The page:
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Submitted by Robert Naiman on 24 February 2012 - 6:10pm
The media war fever for military confrontation with Iran has grown so great that even the media noticed. Writing in the New York Times, Scott Shane asked the reasonable question: how is it that we're having a war fever with Iran, when polls show that after ten years, the American public is weary of war?
A key part of the story is that we've had a one-sided political debate about Iran. Major media are often ambivalent about the degree to which it's really their responsibility to educate the public about basic facts - like the fact that the U.S. government is quite confident that Iran is not now trying to build a nuclear weapon. Instead, the media's default position often is to reflect what they perceive to be going on in the political debate. And what the media largely perceive is that one side - the non-Ron Paul Republican presidential candidates, the Lieberman-Graham-McCain axis, and the pro-Likud lobby groups and think tanks - is pushing aggressively toward military confrontation, and the other side - the Obama Administration - is saying, well, not so fast, without strongly and consistently challenging some of the core assumptions of the pro-war voices.
Largely missing from the recent political debate, until now, has been a full-throated defense of diplomatic engagement with Iran towards negotiated agreements that would resolve or mitigate international concerns about its disputed nuclear program, thereby pushing back the prospect of military confrontation.
But that could change. Representatives Keith Ellison [D-MN] and Walter Jones [R-NC] are currently circulating a Congressional letter to President Obama urging the President to redouble U.S. efforts towards a diplomatic agreement.
Submitted by Robert Naiman on 21 December 2009 - 3:38pm
On December 31, together with more than 1000 peace advocates from around the world, I'm planning to join tens of thousands of Palestinians in a march in Gaza to the Erez border crossing to protest the Israeli blockade of Gaza, and to demand international action to relieve Gaza's humanitarian crisis.
Unfortunately, it appears that the Egyptian government has just announced that it will not allow the internationals to enter Gaza as planned. If so, that would be a shame.
But this apparent decision could be reversed with sufficient public pressure, in Egypt and around the world. Concerned individuals can write to the Egyptian Embassy in Washington and to the Foreign Ministry in Cairo. There is also contact information for the Egyptian consulates in Chicago, Houston, New York, and San Francisco here.
The aim of the march is to call on Israel and the international community to lift the siege, and to respond to Gaza's humanitarian crisis. The international participants will also take in badly needed medical aid, as well as school supplies and winter jackets for the children of Gaza. Dec. 27 will mark the first anniversary of the Israeli invasion, from which Gaza has not recovered, in large measure because of the ongoing Israeli blockade, which has prevented Gaza from rebuilding.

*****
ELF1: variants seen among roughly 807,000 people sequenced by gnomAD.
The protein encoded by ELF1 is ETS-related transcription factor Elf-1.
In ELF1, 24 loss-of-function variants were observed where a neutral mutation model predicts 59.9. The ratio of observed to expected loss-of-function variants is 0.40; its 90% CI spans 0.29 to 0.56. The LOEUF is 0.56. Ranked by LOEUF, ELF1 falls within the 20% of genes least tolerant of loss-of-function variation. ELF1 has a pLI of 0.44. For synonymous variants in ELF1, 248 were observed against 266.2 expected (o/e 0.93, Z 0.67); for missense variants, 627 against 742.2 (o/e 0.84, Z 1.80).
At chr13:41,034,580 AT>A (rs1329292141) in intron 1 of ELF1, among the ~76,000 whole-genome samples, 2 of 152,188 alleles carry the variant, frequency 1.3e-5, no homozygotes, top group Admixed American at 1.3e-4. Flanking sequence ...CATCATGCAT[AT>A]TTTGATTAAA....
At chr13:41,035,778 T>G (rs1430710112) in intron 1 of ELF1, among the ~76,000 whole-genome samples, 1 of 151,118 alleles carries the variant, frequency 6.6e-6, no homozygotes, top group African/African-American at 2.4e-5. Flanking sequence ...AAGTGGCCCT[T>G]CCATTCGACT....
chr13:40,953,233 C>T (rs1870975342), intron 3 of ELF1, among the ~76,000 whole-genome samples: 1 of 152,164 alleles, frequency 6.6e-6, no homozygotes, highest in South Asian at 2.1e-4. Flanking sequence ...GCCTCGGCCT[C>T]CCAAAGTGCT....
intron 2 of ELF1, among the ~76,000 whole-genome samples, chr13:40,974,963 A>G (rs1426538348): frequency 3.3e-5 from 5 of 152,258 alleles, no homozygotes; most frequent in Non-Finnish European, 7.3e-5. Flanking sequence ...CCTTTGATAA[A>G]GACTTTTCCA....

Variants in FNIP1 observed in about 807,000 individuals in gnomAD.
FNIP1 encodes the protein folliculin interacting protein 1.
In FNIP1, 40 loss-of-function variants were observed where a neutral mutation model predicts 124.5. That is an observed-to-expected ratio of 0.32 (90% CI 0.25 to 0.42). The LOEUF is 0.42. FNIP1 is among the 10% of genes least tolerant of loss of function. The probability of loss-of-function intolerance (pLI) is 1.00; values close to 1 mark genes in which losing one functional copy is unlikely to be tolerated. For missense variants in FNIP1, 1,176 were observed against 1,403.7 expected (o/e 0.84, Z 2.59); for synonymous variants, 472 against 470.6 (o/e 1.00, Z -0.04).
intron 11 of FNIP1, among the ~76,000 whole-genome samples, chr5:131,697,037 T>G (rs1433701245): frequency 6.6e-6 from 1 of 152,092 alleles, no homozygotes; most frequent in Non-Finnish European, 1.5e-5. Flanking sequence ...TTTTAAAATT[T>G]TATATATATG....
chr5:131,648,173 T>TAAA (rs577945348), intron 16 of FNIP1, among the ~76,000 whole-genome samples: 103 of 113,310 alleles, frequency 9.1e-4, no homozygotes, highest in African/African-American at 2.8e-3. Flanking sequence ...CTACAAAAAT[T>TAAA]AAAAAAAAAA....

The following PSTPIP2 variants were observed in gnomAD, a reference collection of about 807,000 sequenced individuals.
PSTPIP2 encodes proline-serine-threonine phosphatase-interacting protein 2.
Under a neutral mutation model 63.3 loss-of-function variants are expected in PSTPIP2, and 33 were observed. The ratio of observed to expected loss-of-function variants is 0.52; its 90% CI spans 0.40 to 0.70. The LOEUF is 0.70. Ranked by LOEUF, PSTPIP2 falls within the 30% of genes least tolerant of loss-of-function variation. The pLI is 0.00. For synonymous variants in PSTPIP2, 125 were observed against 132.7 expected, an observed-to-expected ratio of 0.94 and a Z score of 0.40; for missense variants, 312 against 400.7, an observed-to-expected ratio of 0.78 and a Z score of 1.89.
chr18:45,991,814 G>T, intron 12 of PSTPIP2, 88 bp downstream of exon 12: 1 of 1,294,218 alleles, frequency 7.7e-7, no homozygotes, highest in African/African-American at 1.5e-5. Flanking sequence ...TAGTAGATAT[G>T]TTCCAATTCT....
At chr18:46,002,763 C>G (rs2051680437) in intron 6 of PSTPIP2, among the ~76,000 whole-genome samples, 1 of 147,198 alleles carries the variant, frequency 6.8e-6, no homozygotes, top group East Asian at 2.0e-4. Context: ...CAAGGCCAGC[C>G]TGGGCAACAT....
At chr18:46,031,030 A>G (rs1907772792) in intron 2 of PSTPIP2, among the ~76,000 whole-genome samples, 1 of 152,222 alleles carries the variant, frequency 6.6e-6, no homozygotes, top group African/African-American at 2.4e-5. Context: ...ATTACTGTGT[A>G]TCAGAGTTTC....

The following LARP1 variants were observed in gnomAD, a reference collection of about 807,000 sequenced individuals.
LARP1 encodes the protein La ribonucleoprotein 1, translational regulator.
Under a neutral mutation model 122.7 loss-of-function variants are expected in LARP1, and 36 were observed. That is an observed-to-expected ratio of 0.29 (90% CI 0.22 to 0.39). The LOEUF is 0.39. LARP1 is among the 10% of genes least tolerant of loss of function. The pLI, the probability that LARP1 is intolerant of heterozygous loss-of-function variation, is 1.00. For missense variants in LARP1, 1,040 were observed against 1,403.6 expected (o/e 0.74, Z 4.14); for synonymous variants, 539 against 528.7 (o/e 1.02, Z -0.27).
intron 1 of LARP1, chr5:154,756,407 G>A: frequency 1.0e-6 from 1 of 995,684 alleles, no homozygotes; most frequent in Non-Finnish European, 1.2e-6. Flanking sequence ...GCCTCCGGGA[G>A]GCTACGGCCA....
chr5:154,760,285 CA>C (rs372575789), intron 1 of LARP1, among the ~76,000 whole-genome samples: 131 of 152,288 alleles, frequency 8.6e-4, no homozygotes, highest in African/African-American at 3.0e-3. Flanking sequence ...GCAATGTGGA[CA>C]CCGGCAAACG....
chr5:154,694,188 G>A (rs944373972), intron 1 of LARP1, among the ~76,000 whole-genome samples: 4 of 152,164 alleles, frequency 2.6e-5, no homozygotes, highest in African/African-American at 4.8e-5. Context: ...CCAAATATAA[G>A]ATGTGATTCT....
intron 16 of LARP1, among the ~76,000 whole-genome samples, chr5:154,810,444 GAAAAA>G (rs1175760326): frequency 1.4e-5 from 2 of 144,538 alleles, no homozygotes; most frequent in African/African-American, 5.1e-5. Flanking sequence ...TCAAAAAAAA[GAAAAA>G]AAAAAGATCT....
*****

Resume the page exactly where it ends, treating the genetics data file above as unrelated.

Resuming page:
Of course, if the Egyptian government decision stands, and the international participants are not allowed to enter Gaza, then much less international attention will be drawn to the ongoing blockade, and that would be an unfortunate setback for peace efforts, because the need for international attention is great.
Submitted by Robert Naiman on 16 December 2009 - 1:49pm
Many Americans don't realize that although it might be true that the American Israel Public Affairs Committee can get seventy Senators to sign a napkin, that doesn't mean AIPAC can stop Members of Congress from taking actions to improve U.S. policy towards the Palestinians - actions that could have a real impact in improving living conditions for Palestinians on the ground. This week two such measures are being considered by Members of the House.
Representatives Jim McDermott [D-WA-7] and Keith Ellison [D-MN-5] are circulating a letter that calls on President Obama to press for an easing in the Israeli blockade of Gaza by making it easier for Palestinians, aid workers, and journalists to enter and leave Gaza and by improving the access of Palestinian civilians to necessities such as clean water, food, fuel and medicine.
The McDermott-Ellison letter asks for "immediate improvement" in the following areas:
- Movement of people, especially students, the ill, aid workers, journalists, and those with family concerns, into and out of Gaza;
- Access to clean water, including water infrastructure materials,
- Access to plentiful and varied food and agricultural materials;
- Access to medicine and health care products and suppliers;
- Access to sanitation supplies, including sanitation infrastructure materials;
- Access to construction materials for repairs and rebuilding;
- Access to fuel;
- Access to spare parts;
- Prompt passage into and out of Gaza for commercial and agricultural goods; and
- Publication and review of the list of items prohibited to the people of Gaza.